Posted by Barrett<script language="JavaScript1.3" type="text/javascript"> document.write(timestamp(new Date(2004,3,16,9,55,0), dfrm, tfrm, 0, 0, 0, 0)); </script> (Member # 67) on 16-04-2004 16:55<noscript>April 16, 2004 09:55 AM</noscript>:

It’s been a quiet week in Cuyahoga Falls…

1) I found myself watching (and enjoying) the new show “Extreme Makeover-Home Edition” on TV this past week. It occurs to me now that this is just the latest version of the “Queen for a Day” stuff I’ve been talking about lately. The program takes a needy and deserving family living in an inadequate space, ejects the people for a week while the home is torn apart and transformed with thousands of man hours of labor and unlimited funds. It then triumphantly allows them to return, presumably to begin a better life.
It’s a neat show, and it’s popular. But I can’t help but wonder if this is a good idea, especially since it requires nothing more from the family than an expressed need. Does therapy ever offer something similar?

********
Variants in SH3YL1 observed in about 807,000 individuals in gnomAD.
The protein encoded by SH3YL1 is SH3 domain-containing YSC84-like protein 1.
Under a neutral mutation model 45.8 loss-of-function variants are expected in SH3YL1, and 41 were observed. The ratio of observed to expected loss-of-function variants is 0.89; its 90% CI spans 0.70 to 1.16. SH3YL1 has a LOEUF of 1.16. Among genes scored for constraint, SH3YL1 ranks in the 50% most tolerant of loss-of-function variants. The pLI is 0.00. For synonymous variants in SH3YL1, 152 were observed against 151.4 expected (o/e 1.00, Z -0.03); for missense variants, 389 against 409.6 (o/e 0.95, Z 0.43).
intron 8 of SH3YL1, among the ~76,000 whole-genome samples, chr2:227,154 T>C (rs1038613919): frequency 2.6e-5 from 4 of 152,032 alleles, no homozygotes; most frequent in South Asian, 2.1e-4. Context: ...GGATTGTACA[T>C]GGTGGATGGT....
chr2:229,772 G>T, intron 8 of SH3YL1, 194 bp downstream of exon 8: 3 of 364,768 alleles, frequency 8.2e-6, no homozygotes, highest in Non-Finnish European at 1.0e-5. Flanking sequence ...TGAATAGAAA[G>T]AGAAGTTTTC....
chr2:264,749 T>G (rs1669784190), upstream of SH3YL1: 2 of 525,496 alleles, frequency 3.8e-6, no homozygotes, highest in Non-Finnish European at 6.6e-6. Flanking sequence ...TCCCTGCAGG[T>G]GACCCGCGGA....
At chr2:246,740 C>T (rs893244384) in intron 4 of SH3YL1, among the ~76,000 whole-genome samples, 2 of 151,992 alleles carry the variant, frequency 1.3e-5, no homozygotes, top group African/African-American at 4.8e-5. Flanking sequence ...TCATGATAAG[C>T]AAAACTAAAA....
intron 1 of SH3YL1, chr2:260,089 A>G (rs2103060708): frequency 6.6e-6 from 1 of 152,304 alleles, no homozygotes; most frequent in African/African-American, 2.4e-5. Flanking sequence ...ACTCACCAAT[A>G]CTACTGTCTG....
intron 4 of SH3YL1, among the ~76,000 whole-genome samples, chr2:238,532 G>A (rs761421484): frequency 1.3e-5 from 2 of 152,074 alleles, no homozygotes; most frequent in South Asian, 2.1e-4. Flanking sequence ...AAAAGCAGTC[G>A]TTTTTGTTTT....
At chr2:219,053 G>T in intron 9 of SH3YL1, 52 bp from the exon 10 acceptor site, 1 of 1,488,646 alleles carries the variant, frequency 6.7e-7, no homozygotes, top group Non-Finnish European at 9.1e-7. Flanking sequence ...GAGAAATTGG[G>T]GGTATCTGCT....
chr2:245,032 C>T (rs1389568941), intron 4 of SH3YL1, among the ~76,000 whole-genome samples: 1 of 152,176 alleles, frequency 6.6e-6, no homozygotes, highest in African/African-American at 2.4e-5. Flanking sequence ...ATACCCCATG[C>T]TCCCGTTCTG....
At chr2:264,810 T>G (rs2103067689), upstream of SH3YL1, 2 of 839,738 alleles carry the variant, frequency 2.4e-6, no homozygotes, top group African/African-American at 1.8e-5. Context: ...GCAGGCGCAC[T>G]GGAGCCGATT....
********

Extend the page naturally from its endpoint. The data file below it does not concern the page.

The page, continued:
2) Karl Rove came to Cuyahoga Falls yesterday. He had lunch literally around the corner from my office. Perhaps it is a measure of our society’s awareness of whose running things that not a single person I’ve asked today knew who this man was. The visit was secret and the hotel wouldn’t confirm his presence. He snuck in and snuck out-no questions, no one allowed near. My well known aversion to anonymous posters on professional forums like this came to mind.
It used to be that our ideas about how to practice were something we were openly proud of. We were willing to defend our thoughts and admit our mistakes once they were pointed out. We didn’t hide behind pseudonyms we hoped were clever and mysterious. The conflict I see in these forums seems clear; they are full of people who want to be heard, who want to exert influence, but don’t want to be known. How can that be healthy? Maybe Karl could tell us. Too bad he’s not taking any questions.
3) For those of you who visit here but don’t go to the “Bullypit,” I have a request. Take a moment and look at the threads by Diane Jacobs and Nick Matheson. They are amazing, provocative, and insightful. They present enormous implications for clinical practice and academics on the most basic level. I am very grateful to these two for the work done there.
You might also note that they use their actual names.